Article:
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If You’ve Ever Laughed at a Nut Shot, You Should See Winnebago Man

After premiering at the SXSW Film Festival in 2009, the documentary Winnebago Man, directed by Ben Steinbauer, has finally gotten limited release in theaters. And for anyone interested in the culture of viral video, it’s a must-see.

The film follows Steinbauer’s efforts to track down and connect with Jack Rebney, who was a viral video star before the days of YouTube (s GOOG) thanks to a video of outtakes from an industrial film about the Winnebago. If you’ve never seen it before (seriously?) here’s one version of the footage, with over two million views.

A while back, I wrote about how the addition of context can affect our enjoyment of viral video, a topic that’s very much at the heart of Winnebago Man. Steinbauer addresses the subject of Rebney’s online fame by first looking at the examples of Ghyslain “Star Wars Kid” Raza, who dropped out of school and checked into a mental hospital as a result of his online ridicule, and “Impossible is Nothing” video resume-maker Aleksey Vayner.

In the film, Steinbauer interviews Vayner, who seems to have moved past the incident (and smiled when asked if he’d seen Michael Cera’s tribute), but did talk frankly about receiving death threats via email during the video‘s heyday. In short, Vayner seems like he deeply regrets making the video in the first place.

Of course, he had no idea what would happen when he did (Impossible is Nothing was not put online by him; he submitted it privately when applying for a job at UBS). He didn’t have a choice in his fame, like Raza or Rebney — it was thrust upon him. As opposed to those participating on a reality show, where they are consenting on some level to being humiliated, those whose bad days and private moments are used for catharsis didn’t necessarily sign up to have their nut shots watched by millions online.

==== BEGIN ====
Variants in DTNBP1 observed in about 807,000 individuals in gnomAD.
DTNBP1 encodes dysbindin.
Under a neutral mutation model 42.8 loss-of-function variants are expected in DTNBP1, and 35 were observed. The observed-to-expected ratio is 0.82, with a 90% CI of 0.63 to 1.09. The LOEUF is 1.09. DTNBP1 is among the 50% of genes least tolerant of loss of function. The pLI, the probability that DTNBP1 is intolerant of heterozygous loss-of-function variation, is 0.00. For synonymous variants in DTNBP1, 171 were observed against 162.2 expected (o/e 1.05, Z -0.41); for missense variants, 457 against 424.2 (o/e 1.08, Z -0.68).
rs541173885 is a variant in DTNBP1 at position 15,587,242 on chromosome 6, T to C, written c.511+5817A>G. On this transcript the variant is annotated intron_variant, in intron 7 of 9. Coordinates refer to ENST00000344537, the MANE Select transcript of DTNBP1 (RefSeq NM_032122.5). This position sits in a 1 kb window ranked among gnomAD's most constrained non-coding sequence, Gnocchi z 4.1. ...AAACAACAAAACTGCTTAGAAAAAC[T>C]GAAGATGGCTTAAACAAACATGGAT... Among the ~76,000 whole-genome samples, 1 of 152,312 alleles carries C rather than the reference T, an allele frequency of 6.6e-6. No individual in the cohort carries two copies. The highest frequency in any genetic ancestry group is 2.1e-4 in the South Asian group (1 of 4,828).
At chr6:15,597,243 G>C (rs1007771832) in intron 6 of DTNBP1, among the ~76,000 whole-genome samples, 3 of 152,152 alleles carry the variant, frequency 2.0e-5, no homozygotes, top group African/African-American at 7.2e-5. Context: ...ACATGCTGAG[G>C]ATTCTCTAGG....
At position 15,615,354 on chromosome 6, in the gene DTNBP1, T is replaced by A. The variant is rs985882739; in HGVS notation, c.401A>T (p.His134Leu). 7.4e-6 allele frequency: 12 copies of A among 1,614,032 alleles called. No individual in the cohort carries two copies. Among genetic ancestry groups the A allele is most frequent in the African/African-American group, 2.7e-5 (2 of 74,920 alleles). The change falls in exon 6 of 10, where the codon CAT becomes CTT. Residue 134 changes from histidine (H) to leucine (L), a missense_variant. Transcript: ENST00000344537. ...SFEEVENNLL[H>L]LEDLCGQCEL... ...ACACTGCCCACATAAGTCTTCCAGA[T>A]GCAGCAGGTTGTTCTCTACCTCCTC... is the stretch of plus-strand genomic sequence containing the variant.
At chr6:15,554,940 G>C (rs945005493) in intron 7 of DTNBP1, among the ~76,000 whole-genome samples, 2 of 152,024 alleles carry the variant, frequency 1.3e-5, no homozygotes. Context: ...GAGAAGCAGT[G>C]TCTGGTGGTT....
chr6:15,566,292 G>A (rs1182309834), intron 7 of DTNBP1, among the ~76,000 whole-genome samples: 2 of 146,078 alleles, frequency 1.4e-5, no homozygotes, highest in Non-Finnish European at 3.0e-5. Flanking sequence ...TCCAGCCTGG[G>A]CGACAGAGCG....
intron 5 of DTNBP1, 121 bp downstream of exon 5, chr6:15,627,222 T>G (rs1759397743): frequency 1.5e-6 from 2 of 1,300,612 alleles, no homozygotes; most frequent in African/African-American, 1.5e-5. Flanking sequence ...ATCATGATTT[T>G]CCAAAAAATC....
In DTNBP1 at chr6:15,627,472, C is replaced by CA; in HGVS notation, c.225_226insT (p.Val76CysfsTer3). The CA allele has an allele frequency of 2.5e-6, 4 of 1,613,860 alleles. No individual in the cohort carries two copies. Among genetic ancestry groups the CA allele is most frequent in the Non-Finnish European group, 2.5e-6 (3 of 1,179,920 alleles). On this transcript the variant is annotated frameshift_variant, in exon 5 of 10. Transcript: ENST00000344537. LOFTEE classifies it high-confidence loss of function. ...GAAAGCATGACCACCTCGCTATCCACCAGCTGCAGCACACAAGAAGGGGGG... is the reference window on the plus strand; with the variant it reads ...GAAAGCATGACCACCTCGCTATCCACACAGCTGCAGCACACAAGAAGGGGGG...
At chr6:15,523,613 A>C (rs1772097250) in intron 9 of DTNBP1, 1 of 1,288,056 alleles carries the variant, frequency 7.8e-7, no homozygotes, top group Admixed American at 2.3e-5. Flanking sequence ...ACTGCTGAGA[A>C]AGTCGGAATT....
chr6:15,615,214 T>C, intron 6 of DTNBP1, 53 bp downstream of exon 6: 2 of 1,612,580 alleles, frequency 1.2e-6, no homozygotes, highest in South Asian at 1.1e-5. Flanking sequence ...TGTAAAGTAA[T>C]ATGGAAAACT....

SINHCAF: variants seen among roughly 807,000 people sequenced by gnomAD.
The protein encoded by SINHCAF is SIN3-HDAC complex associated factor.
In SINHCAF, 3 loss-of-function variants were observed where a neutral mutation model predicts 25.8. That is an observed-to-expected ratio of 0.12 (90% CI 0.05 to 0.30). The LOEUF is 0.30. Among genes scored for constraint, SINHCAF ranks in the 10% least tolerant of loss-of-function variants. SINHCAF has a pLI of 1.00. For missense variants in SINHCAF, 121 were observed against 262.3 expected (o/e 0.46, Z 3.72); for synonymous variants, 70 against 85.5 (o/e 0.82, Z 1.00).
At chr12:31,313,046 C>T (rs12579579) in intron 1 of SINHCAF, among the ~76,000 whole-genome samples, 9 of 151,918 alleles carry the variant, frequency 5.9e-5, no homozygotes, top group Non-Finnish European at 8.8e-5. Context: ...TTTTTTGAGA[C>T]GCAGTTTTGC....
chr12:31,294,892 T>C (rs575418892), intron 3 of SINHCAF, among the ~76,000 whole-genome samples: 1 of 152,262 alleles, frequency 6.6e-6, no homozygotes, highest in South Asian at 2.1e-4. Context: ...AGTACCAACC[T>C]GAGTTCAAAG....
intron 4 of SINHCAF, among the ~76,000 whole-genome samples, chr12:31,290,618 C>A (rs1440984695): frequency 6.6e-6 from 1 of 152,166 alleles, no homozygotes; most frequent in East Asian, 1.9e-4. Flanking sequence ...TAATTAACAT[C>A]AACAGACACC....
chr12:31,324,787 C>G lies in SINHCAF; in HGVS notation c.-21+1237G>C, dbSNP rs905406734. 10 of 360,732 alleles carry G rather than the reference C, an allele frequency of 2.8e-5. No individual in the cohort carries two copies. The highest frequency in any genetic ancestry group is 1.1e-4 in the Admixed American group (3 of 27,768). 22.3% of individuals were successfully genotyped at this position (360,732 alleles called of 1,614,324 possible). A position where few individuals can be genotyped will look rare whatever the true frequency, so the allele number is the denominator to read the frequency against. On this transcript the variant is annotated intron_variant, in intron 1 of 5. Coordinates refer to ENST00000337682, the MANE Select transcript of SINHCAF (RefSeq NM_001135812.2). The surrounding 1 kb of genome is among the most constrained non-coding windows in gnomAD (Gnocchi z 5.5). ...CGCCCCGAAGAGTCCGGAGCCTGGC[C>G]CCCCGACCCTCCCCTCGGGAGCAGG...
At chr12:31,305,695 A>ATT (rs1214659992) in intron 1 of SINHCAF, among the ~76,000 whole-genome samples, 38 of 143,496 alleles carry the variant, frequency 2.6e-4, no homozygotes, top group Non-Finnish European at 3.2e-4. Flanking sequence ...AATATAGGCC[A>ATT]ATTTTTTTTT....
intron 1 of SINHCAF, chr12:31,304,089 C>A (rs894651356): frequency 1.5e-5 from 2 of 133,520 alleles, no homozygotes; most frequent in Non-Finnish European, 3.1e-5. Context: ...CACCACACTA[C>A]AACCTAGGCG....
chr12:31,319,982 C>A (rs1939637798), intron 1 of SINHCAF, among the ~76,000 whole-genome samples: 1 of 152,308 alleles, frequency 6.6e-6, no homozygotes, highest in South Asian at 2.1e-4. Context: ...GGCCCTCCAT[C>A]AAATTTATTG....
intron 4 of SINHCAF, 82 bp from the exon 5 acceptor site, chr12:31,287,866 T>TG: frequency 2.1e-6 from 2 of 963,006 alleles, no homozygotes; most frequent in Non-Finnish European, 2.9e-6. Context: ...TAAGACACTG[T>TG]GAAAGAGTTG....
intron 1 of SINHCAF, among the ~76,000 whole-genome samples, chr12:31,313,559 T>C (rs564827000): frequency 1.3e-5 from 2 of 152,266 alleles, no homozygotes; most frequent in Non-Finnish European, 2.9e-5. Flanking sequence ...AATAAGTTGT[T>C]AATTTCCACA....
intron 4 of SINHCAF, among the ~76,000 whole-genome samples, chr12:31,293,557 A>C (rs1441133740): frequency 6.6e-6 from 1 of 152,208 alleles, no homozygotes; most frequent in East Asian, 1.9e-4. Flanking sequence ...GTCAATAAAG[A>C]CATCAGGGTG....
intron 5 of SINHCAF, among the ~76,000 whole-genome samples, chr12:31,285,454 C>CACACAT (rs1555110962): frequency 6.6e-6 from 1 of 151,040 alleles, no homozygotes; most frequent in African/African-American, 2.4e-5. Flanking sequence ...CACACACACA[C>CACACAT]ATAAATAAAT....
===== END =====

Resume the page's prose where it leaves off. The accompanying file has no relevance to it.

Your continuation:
Without revealing too much, Rebney’s relationship with the Winnebago Man viral, as depicted in the film, is deeply ambivalent — especially when it comes to those who have helped the video spread, a subculture of folks he thinks have “room temperature IQs.”

But since the making of this documentary, Rebney has become wiser to the ways of web video, based on comments he made during a panel on the documentary at the 2009 SXSW fest. Rebney now sees the motivation for viral video as being that “We’re looking desperately for something to laugh at when we’re in desperate straits. People want to know that they’re not alone in the realm of making dastardly mistakes.”

The conclusion Steinbauer draws is similar; that we as an audience are ultimately sympathetic to the accidental “stars” of viral video, that we connect with them rather than distance ourselves. It’s a question I hadn’t properly contemplated before seeing the film, but after the fact it makes sense. Because if we didn’t, on some level, put ourselves in the shoes of a nut-shot victim — would we still wince?

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